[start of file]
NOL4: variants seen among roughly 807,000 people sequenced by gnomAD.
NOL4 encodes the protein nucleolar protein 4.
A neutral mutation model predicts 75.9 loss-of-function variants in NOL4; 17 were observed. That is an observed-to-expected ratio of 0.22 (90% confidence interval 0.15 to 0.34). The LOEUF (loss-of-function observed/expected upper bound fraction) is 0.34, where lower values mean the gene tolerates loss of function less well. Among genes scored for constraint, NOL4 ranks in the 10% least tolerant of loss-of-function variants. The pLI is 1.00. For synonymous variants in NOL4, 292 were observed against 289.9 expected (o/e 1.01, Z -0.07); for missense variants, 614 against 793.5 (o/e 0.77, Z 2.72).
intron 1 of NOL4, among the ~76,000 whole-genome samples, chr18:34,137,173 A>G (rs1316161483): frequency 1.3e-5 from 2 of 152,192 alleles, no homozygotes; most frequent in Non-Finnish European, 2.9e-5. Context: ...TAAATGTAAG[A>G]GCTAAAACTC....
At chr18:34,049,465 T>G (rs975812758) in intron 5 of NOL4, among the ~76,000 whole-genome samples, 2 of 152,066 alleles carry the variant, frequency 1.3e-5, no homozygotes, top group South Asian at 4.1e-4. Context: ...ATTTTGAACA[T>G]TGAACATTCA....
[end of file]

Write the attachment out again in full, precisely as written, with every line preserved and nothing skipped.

NOL4: variants seen among roughly 807,000 people sequenced by gnomAD.
NOL4 encodes the protein nucleolar protein 4.
A neutral mutation model predicts 75.9 loss-of-function variants in NOL4; 17 were observed. That is an observed-to-expected ratio of 0.22 (90% confidence interval 0.15 to 0.34). The LOEUF (loss-of-function observed/expected upper bound fraction) is 0.34, where lower values mean the gene tolerates loss of function less well. Among genes scored for constraint, NOL4 ranks in the 10% least tolerant of loss-of-function variants. The pLI is 1.00. For synonymous variants in NOL4, 292 were observed against 289.9 expected (o/e 1.01, Z -0.07); for missense variants, 614 against 793.5 (o/e 0.77, Z 2.72).
intron 1 of NOL4, among the ~76,000 whole-genome samples, chr18:34,137,173 A>G (rs1316161483): frequency 1.3e-5 from 2 of 152,192 alleles, no homozygotes; most frequent in Non-Finnish European, 2.9e-5. Context: ...TAAATGTAAG[A>G]GCTAAAACTC....
At chr18:34,049,465 T>G (rs975812758) in intron 5 of NOL4, among the ~76,000 whole-genome samples, 2 of 152,066 alleles carry the variant, frequency 1.3e-5, no homozygotes, top group South Asian at 4.1e-4. Context: ...ATTTTGAACA[T>G]TGAACATTCA....